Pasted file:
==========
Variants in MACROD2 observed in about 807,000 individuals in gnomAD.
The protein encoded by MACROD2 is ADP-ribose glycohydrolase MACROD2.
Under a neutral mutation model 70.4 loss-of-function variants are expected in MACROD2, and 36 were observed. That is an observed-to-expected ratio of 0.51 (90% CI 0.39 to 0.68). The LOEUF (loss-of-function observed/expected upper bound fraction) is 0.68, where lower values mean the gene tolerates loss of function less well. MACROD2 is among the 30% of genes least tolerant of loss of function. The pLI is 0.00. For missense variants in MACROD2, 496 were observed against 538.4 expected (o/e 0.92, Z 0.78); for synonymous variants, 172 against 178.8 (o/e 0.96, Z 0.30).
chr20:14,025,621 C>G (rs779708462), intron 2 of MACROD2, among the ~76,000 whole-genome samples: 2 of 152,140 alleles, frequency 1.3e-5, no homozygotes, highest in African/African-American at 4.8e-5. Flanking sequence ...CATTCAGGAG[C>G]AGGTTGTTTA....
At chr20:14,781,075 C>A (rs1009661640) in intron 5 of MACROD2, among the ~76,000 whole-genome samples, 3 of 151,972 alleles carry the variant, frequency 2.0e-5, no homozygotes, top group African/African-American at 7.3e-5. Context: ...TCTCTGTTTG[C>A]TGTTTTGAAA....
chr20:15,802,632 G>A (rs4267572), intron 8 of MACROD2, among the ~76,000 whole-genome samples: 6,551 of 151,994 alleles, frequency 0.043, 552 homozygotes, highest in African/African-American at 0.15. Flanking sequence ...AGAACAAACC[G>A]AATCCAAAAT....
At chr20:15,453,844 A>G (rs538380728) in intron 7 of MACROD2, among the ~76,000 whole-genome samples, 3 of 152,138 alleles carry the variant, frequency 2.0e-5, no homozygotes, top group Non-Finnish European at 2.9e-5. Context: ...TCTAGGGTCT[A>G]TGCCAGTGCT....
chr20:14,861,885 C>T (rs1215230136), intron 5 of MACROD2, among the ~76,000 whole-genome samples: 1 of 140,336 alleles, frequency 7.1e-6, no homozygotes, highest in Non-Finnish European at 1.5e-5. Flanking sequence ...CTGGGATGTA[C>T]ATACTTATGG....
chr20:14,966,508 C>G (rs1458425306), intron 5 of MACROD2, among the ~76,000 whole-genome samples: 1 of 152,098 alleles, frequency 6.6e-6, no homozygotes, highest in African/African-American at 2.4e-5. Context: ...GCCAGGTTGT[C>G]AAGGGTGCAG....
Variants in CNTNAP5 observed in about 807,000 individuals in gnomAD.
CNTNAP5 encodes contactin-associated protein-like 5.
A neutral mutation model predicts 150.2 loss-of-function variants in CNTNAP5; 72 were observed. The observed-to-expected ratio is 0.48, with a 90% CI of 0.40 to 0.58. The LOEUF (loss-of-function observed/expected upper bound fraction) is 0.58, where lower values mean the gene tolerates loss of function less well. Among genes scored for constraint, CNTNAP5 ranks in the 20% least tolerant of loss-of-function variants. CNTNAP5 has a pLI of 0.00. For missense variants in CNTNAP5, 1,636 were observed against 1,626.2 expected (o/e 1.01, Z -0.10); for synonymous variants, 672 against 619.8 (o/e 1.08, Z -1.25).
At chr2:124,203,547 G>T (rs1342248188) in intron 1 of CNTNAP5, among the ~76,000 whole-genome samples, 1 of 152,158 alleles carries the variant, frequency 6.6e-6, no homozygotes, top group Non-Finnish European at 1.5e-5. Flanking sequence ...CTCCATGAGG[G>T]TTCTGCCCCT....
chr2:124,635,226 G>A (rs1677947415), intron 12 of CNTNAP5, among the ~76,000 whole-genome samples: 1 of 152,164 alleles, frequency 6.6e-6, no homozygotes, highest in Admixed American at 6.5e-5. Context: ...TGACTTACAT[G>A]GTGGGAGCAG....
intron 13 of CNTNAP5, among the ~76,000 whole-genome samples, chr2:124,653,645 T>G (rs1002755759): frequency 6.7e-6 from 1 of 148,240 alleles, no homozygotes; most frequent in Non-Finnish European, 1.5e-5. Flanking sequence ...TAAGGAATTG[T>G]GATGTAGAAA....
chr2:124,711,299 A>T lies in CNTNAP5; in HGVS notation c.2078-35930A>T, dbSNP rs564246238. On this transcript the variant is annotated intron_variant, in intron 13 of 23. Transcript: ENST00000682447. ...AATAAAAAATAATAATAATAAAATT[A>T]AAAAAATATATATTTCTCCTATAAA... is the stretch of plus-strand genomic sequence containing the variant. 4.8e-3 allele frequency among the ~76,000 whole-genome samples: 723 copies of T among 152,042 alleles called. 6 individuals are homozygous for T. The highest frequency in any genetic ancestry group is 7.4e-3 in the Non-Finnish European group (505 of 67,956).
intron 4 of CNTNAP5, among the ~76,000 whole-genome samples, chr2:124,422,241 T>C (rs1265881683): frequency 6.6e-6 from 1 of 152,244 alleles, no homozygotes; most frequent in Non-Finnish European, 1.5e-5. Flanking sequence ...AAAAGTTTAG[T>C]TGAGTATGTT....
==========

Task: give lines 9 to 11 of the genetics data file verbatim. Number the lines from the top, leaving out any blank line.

chr20:14,966,508 C>G (rs1458425306), intron 5 of MACROD2, among the ~76,000 whole-genome samples: 1 of 152,098 alleles, frequency 6.6e-6, no homozygotes, highest in African/African-American at 2.4e-5. Context: ...GCCAGGTTGT[C>G]AAGGGTGCAG....
Variants in CNTNAP5 observed in about 807,000 individuals in gnomAD.
CNTNAP5 encodes contactin-associated protein-like 5.